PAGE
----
• Ačaṙean, Hračʿeay (1971), “բռինչ”, in Hayerēn armatakan baṙaran [Dictionary of Armenian Root Words] (in Armenian), volume I, 2nd edition, reprint of the original 1926–1935 seven-volume edition, Yerevan: University Press, pages 490–491, noting the formal similarity with the family of Aramaic ברותא(bərōṯā, cypress) and leaving the origin open
  • Ališan, Łewond (1895) Haybusak kam haykakan busabaṙutʿiwn [Armenian Botany]‎[2] (in Armenian), Venice: S. Lazarus Armenian Academy, § 387, page 101
  • Bedevian, Armenag K. (1936), “Celtis tournefortii”, in Illustrated Polyglottic Dictionary of Plant Names, Cairo: Argus & Papazian Presses, § 935, page 158, identifying with Celtis tournefortii
  • Bedevian, Armenag K. (1936), “Pyrus aria”, in Illustrated Polyglottic Dictionary of Plant Names, Cairo: Argus & Papazian Presses, § 2890, page 495, identifying with whitebeam, Sorbus aria
  • Bläsing, Uwe (2019), “Die armenischen Pflanzennamen in Peter Simon Pallas’ Flora Rossica. Eine Studie zu Etymologie und sprachlicher Interaktion”, in U. Bläsing, J. Dum-Tragut, T.M. van Lint, editors, Armenian, Hittite, and Indo-European Studies: A Commemoration Volume for Jos J.S. Weitenberg (Hebrew University Armenian Studies; 15) (in German), Leuven: Peeters, page 28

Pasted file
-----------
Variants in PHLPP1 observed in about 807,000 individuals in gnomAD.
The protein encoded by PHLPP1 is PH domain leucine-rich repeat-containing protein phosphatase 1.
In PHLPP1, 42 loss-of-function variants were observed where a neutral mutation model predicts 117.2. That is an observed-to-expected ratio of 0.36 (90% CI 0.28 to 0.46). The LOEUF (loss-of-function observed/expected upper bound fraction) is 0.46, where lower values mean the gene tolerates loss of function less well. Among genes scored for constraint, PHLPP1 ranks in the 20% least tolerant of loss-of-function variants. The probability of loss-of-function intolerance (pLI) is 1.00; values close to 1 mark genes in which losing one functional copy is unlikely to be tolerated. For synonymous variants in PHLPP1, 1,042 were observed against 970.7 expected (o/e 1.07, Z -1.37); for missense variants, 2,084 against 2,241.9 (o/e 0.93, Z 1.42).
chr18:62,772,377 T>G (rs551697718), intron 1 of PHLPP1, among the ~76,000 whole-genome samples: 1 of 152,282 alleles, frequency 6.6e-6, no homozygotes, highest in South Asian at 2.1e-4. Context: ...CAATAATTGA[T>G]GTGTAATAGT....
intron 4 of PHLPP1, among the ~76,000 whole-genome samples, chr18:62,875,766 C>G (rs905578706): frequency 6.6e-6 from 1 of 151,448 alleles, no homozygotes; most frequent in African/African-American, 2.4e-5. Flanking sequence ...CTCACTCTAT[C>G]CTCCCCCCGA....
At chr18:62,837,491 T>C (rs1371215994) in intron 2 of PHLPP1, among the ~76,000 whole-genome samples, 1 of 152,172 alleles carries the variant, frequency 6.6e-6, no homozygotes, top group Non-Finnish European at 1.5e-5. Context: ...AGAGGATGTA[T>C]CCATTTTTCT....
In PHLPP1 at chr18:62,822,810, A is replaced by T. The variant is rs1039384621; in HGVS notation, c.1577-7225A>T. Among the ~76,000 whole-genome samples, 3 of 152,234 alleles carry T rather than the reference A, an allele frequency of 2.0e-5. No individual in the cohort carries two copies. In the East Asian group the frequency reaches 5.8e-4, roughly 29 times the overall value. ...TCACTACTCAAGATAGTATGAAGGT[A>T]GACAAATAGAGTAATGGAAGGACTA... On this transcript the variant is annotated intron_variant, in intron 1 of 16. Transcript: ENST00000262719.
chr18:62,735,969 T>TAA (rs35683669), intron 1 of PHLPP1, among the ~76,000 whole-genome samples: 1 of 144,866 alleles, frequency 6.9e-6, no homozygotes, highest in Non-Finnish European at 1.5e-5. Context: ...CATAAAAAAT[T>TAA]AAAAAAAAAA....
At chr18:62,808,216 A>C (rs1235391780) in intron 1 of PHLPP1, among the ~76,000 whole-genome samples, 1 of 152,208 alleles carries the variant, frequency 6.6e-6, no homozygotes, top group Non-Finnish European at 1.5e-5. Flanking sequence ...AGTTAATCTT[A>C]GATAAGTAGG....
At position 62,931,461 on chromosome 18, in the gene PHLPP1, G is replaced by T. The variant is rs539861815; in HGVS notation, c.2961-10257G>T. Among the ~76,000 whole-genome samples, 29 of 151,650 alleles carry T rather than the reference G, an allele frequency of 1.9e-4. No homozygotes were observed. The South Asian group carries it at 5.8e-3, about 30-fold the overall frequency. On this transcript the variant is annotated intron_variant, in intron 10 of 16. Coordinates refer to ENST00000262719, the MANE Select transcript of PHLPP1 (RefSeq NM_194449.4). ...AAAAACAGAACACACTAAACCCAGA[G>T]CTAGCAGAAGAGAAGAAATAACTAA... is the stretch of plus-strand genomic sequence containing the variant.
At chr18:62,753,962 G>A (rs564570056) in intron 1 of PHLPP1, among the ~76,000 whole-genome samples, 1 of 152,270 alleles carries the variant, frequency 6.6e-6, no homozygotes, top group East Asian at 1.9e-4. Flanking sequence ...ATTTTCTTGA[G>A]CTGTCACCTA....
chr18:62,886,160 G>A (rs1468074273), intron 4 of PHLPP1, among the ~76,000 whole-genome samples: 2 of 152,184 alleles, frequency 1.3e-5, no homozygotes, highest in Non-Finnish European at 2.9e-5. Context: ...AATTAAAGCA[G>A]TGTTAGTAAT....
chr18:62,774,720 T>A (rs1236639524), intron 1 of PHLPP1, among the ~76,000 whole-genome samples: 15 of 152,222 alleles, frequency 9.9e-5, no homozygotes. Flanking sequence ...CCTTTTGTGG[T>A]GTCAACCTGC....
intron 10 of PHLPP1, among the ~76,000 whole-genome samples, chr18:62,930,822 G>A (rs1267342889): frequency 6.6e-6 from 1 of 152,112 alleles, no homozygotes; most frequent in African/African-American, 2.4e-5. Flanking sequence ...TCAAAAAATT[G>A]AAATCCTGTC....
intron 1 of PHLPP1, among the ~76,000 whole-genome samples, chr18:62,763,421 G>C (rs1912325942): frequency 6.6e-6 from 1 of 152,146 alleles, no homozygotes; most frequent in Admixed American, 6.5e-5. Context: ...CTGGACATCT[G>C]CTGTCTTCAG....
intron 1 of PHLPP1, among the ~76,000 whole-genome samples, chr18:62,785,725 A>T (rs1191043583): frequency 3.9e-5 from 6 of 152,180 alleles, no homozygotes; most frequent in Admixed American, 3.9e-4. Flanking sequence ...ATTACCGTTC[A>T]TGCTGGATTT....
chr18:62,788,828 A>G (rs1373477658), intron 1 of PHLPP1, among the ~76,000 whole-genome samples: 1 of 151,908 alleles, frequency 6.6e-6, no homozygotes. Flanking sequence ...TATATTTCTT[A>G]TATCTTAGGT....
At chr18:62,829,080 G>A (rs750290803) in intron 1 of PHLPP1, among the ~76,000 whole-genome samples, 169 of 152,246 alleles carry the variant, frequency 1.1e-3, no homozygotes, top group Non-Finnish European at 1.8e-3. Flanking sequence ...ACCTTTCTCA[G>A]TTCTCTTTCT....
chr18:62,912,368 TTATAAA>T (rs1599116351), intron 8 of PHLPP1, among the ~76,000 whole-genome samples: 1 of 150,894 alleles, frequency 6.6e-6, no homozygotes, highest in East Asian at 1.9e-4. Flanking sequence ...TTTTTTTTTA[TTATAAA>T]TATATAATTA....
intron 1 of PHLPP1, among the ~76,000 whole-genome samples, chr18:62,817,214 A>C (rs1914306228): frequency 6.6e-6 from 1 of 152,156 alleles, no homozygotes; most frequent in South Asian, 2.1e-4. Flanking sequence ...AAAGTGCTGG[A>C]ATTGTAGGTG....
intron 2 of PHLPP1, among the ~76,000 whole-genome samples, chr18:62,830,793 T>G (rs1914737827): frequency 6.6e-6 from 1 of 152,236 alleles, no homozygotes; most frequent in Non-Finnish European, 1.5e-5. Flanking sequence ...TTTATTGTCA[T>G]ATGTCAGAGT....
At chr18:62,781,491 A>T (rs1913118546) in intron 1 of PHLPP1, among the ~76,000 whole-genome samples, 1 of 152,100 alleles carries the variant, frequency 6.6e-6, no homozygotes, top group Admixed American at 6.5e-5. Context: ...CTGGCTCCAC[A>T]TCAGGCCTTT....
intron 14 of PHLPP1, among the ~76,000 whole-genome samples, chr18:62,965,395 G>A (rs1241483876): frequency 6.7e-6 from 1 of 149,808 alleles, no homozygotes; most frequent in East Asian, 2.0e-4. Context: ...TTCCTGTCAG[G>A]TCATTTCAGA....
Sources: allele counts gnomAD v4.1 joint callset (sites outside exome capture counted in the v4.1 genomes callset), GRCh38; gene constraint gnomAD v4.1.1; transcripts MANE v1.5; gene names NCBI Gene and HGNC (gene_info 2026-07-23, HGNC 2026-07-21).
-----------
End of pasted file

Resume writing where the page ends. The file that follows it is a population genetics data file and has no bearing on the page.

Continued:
• J̌ahukyan, Geworg (2010), “բռինչ”, in Vahan Sargsyan, editor, Hayeren stugabanakan baṙaran [Armenian Etymological Dictionary] (in Armenian), Yerevan: Asoghik, page 141a, tentatively deriving from Proto-Indo-European *bʰren- (to project), whence Latin frōns
  • Łazaryan, Ṙ. S. (1981), “փռշնի”, in Busanunneri hayeren-latineren-ṙuseren-angleren-franseren-germaneren baṙaran [Armenian–Latin–Russian–English–French–German Dictionary of Plant Names], Yerevan: University Press, § 1246, page 98b, identifying with Celtis
  • Łazaryan, Ṙ. S. (1981), “բռնչի”, in Busanunneri hayeren-latineren-ṙuseren-angleren-franseren-germaneren baṙaran [Armenian–Latin–Russian–English–French–German Dictionary of Plant Names], Yerevan: University Press, § 170, page 18b, identifying with Viburnum opulus